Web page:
Topics by Toni Waterman
After a perfect storm of high yields and soft shells, local lobstermen are struggling to stay afloat in a sea of surplus, low-priced crustaceans. Toni Waterman went out on a lobster boat to see the problem firsthand.
Local researchers say an invasive and rather ... pungent ... species of seaweed that's stormed the coast might not just be unpleasant for beach-goers — it could be crowding out New England sea creatures.
We visit the Waltham showroom of Sondra Celli, dressmaker to TLC's American Gypsy brides. And with business booming, it looks like economic development can come draped in rhinestones, lamé and cup chain.
About a dozen protesters gathered outside the BIO International Convention to demand the Food and Drug Administration speed up the approval process for an experimental drug to treat cancer.
What does President Barack Obama's immigration policy change mean? We revisit Deivid Ribeiro, a physics student born in Brazil whose life now has many more options.
For entrepreneur Chris Stevens, professional success has come alongside personal adversity: within the span of a year, he lost his two brothers and his wife. It led him to work to raise awareness of Huntington's disease.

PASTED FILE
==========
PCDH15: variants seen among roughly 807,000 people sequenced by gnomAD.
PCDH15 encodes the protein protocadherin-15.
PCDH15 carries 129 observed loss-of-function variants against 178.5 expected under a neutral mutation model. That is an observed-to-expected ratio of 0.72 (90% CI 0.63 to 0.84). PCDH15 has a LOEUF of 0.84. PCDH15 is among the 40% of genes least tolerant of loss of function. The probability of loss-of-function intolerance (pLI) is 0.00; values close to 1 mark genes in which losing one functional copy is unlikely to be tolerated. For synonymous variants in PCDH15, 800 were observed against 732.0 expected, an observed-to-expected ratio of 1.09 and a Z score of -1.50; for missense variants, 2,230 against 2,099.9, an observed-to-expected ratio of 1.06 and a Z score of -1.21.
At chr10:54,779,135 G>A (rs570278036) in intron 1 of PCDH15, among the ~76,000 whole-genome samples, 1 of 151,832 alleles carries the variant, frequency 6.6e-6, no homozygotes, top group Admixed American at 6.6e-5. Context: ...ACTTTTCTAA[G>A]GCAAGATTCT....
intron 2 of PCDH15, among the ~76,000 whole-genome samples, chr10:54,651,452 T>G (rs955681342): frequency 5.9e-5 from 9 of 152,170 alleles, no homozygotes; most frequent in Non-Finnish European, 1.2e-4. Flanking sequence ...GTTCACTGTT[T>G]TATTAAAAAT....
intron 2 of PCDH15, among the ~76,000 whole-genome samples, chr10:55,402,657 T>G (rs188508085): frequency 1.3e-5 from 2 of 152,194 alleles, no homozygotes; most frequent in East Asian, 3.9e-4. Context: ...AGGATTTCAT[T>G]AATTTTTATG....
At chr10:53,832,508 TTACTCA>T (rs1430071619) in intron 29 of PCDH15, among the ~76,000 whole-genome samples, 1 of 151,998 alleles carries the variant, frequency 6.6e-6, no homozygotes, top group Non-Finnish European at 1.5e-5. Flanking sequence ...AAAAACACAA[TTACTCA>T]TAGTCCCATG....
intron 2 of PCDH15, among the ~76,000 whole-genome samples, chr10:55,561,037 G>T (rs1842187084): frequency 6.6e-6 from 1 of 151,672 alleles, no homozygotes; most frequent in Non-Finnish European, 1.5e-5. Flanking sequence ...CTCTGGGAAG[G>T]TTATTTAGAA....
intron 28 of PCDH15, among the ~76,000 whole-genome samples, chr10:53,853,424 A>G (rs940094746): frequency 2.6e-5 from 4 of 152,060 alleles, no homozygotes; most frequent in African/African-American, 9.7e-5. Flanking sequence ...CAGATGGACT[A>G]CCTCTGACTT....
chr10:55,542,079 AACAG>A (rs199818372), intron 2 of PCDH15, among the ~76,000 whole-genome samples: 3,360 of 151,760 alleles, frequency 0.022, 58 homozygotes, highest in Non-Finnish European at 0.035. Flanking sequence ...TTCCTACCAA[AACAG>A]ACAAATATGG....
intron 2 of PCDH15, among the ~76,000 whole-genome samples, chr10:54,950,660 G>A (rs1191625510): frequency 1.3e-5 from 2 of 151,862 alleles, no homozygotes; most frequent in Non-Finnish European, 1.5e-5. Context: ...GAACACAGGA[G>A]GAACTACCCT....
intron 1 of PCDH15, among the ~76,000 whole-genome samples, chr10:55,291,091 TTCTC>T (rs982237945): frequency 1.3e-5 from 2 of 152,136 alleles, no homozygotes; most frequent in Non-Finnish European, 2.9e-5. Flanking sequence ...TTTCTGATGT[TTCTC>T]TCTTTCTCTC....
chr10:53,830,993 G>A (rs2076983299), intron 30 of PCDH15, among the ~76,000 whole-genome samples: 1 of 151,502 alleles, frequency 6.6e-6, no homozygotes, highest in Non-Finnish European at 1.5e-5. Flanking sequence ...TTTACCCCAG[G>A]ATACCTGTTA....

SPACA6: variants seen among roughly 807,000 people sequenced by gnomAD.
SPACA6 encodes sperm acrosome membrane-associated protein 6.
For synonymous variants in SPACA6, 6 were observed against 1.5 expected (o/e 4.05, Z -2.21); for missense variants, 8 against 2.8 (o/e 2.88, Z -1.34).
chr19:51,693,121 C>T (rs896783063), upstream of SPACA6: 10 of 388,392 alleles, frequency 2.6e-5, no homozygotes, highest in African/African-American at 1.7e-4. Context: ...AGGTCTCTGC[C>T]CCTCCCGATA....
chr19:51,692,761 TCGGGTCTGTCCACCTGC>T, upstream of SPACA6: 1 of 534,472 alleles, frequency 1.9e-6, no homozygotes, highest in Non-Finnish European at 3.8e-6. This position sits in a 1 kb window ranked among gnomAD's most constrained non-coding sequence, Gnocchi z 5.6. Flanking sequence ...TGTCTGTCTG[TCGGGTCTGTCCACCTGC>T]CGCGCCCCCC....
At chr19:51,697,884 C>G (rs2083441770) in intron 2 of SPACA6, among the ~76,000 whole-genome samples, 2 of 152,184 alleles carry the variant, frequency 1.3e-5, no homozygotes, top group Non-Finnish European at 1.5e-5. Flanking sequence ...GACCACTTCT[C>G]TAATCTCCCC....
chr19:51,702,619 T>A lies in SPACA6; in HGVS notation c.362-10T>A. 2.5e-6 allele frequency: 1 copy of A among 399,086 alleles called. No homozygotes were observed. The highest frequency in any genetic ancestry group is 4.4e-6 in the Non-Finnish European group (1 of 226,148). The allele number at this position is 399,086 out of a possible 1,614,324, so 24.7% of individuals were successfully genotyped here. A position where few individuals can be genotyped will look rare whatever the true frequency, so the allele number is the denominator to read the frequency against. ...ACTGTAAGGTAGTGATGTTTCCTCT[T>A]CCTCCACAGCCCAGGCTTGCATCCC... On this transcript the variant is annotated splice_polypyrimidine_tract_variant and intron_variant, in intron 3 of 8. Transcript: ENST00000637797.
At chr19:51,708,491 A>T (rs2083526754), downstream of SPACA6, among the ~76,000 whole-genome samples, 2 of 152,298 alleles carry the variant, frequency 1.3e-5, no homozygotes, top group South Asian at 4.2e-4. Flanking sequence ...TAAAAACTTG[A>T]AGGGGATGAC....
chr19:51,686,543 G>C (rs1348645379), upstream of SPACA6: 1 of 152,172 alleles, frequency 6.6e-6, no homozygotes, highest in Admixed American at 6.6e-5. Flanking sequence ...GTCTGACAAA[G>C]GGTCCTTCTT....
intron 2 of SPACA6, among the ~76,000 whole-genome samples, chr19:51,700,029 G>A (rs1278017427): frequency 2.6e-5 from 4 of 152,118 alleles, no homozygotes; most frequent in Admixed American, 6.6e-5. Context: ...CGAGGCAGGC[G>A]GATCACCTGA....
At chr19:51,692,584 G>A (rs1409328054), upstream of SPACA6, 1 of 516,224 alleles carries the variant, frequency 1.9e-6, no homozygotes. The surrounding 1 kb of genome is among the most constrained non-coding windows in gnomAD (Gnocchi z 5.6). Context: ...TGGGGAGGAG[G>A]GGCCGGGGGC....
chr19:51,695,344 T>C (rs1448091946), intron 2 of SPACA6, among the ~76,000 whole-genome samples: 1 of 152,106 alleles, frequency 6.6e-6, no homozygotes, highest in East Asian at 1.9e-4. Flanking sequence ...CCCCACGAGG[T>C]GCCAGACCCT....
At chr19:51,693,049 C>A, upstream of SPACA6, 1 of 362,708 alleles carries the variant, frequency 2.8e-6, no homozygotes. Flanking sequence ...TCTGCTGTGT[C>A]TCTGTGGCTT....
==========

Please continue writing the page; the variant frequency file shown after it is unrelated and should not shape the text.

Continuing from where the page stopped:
A Rutland dairy farm's second "cash cow" is a food-to-fuel energy system that could be a model — especially as the state considers requiring all large companies to compost their food waste. Watch it in action.
Curt Schilling's company has laid off its entire staff. Tim Loew of MassDiGI and Alexander Sliwinski of Joystiq talk about whether it's "game over" for 38 Studios and the impact on the growing regional video game industry.
Whole Foods has stopped selling "red-rated" fish. We take a trip to Cambridge to look at what that really means for shoppers.
Shuttered in 2005 by the Boston Archdiocese, a beloved parochial school has reopened its doors as a community center. Volunteers talk about the journey.